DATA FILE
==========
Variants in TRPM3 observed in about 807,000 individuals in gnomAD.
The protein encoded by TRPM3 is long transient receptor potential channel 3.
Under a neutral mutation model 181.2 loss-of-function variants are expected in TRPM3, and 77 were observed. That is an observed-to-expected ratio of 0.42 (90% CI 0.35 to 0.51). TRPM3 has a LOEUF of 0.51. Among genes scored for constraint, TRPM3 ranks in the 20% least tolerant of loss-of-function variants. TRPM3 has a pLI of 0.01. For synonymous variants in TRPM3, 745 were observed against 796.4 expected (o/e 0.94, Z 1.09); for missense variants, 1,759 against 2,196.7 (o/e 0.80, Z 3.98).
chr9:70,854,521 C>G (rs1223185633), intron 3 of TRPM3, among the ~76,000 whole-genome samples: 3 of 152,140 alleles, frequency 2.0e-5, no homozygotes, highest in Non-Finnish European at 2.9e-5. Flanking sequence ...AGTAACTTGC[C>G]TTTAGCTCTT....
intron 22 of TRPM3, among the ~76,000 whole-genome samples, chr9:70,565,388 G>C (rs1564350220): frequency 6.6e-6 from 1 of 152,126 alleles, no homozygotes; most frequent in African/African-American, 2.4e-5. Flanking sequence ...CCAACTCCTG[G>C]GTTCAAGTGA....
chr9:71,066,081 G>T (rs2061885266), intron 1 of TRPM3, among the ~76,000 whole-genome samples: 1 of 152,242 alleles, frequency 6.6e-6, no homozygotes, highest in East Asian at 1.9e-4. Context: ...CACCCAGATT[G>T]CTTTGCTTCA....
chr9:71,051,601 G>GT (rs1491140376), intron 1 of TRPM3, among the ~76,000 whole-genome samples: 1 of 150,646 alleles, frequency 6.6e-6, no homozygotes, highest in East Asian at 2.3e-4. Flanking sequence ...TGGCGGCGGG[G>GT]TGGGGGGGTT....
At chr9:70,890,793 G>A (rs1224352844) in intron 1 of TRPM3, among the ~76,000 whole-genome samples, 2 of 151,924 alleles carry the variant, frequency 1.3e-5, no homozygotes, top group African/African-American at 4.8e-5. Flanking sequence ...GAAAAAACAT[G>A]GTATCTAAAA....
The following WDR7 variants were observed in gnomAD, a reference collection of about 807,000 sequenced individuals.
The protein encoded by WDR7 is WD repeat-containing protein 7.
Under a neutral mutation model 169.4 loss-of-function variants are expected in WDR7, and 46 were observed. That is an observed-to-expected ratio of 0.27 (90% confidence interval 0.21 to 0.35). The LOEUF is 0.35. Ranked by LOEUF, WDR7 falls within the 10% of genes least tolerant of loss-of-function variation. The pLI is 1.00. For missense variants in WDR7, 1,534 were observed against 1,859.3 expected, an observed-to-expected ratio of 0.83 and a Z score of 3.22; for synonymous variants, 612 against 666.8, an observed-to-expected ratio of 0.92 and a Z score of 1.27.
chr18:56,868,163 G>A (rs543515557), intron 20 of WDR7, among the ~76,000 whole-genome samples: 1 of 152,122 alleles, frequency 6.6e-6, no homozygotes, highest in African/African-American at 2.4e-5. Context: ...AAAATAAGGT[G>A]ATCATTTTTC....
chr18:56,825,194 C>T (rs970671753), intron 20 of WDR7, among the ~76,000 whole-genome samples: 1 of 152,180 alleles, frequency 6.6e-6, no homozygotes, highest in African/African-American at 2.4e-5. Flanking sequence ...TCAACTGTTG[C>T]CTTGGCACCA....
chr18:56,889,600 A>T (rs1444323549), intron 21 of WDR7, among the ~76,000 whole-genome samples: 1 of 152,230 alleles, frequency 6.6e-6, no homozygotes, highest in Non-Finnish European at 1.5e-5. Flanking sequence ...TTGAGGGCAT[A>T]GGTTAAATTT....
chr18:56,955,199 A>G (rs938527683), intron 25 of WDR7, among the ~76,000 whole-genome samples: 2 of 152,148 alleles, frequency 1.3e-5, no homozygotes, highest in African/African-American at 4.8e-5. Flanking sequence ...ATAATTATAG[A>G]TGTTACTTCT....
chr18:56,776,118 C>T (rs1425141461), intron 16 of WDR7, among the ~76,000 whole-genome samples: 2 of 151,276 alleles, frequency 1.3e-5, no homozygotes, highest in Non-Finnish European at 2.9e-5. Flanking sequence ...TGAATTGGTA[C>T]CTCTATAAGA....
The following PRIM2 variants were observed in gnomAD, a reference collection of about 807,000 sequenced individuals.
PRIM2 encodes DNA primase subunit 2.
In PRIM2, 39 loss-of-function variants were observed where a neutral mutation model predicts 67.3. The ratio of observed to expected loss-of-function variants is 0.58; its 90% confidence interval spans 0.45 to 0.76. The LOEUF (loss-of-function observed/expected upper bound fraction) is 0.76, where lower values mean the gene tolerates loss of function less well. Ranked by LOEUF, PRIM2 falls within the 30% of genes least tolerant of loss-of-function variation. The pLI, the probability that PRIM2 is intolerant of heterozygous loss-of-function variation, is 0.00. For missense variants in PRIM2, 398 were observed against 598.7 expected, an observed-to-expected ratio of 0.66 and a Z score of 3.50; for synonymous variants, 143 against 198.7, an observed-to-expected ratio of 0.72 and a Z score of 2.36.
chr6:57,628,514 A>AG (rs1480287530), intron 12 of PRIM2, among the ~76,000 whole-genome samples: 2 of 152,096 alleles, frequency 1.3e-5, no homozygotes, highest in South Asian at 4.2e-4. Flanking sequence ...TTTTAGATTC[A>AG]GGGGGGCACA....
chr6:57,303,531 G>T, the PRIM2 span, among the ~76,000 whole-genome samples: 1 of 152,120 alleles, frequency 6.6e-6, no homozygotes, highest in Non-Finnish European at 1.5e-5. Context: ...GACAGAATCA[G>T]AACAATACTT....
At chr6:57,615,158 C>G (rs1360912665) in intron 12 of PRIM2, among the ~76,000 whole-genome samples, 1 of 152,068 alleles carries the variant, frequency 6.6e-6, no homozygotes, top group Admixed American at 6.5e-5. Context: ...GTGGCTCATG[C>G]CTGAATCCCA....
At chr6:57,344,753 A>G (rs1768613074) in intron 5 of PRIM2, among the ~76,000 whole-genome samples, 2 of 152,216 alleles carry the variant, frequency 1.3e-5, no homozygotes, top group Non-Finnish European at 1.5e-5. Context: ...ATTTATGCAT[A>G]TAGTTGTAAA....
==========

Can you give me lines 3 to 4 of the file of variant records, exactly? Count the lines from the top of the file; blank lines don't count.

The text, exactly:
Under a neutral mutation model 181.2 loss-of-function variants are expected in TRPM3, and 77 were observed. That is an observed-to-expected ratio of 0.42 (90% CI 0.35 to 0.51). TRPM3 has a LOEUF of 0.51. Among genes scored for constraint, TRPM3 ranks in the 20% least tolerant of loss-of-function variants. TRPM3 has a pLI of 0.01. For synonymous variants in TRPM3, 745 were observed against 796.4 expected (o/e 0.94, Z 1.09); for missense variants, 1,759 against 2,196.7 (o/e 0.80, Z 3.98).
chr9:70,854,521 C>G (rs1223185633), intron 3 of TRPM3, among the ~76,000 whole-genome samples: 3 of 152,140 alleles, frequency 2.0e-5, no homozygotes, highest in Non-Finnish European at 2.9e-5. Flanking sequence ...AGTAACTTGC[C>G]TTTAGCTCTT....